Club Youth Leadership
Types of Club Officers
- Prepares club meeting agenda with other officers & advisors.
- Presides at all club meetings.
- Uses parliamentary procedure to conduct business meetings.
- Understands responsibilities of other club officers.
- Shows a real interest in the club and helps carry out club’ decisions.
- Plans ways to get every member to participate in meetings and delegates responsibility.
- Appoints committees as needed.
- Works with 4-H club leaders to establish a system for notifying 4-H club members of club meetings and activities. (i.e. – phone trees, written notices, e-mail, etc.)
- Calls the Vice-President to reside at the meeting if unable to attend.
- Presides at meetings if the President is absent.
- Serves as chairperson of the program planning committee.
- Introduces educational program at club meetings.
- Thanks the educational guest speakers, presenters, member demonstrators, etc.
- Assists committees as needed.
- Keeps an accurate written record of the business meetings.
- Reads club’s minutes at each meeting.
- Records club’s attendance at each meeting.
- Writes thank you letters to speakers, sponsors, etc.
- Writes all club correspondence as directed by the President, Executive Committee and/or community club leader.
- Keeps an accurate account of all 4-H club’s money received and spent by the club.
- Gives a financial report at each 4-H club meeting.
- Gives an annual financial report at the final 4-H club meeting for the year.
- Prepares a 4-H club budget with the Executive Committee, Finance/Fund Raising Committee and/or 4-H organizational club advisor and presents to the 4-H club membership for approval.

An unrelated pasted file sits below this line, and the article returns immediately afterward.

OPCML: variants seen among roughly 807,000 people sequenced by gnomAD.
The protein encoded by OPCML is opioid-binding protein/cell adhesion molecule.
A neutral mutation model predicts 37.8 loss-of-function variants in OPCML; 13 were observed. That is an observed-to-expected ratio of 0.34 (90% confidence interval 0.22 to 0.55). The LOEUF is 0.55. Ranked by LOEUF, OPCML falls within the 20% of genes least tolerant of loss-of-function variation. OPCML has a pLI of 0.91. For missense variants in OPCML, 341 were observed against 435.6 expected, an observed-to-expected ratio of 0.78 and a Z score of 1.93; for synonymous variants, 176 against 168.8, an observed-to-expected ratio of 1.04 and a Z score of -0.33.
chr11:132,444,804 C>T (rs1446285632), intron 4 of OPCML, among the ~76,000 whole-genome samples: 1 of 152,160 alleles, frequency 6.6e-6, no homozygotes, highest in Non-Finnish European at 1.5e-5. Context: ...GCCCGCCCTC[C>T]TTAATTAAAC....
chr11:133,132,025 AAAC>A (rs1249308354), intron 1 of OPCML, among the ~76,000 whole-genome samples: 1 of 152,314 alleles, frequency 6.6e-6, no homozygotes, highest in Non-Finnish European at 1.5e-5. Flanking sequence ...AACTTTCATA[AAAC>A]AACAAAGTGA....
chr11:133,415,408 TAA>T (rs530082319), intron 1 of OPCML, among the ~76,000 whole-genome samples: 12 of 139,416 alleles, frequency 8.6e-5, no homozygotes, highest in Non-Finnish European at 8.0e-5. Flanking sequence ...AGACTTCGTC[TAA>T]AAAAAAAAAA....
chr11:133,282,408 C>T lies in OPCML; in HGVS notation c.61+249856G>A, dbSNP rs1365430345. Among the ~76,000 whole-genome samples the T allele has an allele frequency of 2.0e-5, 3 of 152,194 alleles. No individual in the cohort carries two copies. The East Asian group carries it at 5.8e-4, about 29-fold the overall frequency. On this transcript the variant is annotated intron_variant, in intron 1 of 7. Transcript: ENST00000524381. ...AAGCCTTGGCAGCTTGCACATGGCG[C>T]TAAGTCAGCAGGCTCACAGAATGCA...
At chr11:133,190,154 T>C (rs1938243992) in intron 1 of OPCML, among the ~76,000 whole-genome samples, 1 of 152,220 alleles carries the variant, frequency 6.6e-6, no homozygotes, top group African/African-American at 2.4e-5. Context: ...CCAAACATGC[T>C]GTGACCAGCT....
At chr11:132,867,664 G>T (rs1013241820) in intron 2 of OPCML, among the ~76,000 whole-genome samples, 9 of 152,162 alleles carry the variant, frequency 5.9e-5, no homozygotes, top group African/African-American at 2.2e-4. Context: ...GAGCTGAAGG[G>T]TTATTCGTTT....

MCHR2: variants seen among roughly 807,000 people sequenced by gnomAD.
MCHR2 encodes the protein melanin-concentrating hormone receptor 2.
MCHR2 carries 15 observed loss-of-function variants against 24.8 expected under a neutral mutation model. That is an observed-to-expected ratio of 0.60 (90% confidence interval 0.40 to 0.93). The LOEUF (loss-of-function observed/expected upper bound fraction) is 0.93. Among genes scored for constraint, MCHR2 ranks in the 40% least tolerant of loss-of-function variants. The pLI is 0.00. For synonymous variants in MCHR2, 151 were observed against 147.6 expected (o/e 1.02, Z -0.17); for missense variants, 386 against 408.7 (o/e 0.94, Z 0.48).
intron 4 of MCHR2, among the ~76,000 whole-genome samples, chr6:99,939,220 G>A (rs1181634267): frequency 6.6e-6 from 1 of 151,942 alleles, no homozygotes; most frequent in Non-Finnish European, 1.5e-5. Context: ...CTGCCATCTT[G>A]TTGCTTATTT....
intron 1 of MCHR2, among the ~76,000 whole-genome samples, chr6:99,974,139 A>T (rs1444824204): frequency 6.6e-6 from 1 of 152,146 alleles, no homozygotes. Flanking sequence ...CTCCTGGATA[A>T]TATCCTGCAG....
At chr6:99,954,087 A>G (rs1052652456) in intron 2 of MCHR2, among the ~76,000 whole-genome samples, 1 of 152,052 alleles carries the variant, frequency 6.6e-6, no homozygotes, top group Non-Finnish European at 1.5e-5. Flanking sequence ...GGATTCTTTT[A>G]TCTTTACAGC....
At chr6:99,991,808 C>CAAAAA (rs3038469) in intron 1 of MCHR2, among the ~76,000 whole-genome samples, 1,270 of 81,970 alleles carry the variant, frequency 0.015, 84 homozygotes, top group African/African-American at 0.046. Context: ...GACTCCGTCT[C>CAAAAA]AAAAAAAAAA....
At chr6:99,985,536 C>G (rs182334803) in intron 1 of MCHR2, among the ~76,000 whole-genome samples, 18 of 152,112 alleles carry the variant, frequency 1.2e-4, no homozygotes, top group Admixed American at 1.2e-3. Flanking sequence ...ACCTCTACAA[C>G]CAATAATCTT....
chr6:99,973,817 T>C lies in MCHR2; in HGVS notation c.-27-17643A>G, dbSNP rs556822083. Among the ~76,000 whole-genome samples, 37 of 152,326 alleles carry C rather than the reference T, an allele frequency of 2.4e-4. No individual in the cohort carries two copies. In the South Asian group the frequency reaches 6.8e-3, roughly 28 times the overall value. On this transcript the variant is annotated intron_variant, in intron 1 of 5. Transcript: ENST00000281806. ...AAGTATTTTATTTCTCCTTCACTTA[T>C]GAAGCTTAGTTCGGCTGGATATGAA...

- Balances the bank statement each month (if the club has a checking account), which is a recommended practice.
- Pays bills when approved by the club.
- Takes photographs at all 4-H club meetings and activities.
- Puts together the 4-H club’s scrapbook alone or with a Scrapbook Committee.
- Collects newspaper articles from News Reporter.
- Collects written health, safety and environmental reports from these officers to include in the club’s scrapbook.
- Collects pictures, articles, etc. from other officers and club members to include in the 4-H club’s scrapbook.
- Enter club scrapbook in county contest if available.
- Submit completed 4-H club scrapbook to club’s 4-H organizational advisor for archival documentation.
- Writes articles about club meetings and activities and submits to the local newspaper.
- Checks local newspapers regularly to see if articles appear.
- Cuts out club newspaper articles and gives to Historian for scrapbook.
- Conducts a recreation activity at each 4-H club meeting.
- Plans or helps with a Recreation Committee, the 4-H club’s social events and/or parties.
- Leads or assists teen and/or junior leaders with get acquainted activities and mixers.
- Plans one major safety program for the 4-H club.
- Gives 1 to 3 minute safety tips and/or talks at each 4-H club meeting.
- Chairs the Safety Committee if the club has one.
- Reminds 4-H club members of safety at all 4-H club planned activities.
- Plans one major health program for the 4-H club.
- Gives 1 to 3 minute health tips and/or talks at each 4-H club meeting.
- Chairs the Health Committee if the club has one.
- Reminds club members of health issues at all club planned activities.
COMMUNITY SERVICE OFFICER
- Plans one major community service program for the 4-H club.
- Gives 1 to 3 minute community service tips and/or talks at each 4-H club meeting.
- Chairs the community service Committee if the club has one.
- Suggests possible community service related projects to the club.
- Reminds 4-H club members of community issues at all 4-H club planned activities.
Being a Club Officer
Being a member of a 4-H club is a very interesting and worthwhile experience for any youth. A successful 4-H club holds the interest of its members by doing worthwhile things through teamwork and group action. The success of the club depends largely on its officers. It is an honor to be selected as a club officer. Like most honors, being an officer carries certain responsibilities. If a club is to succeed, every officer must know his or her responsibilities and be well prepared to carry them out.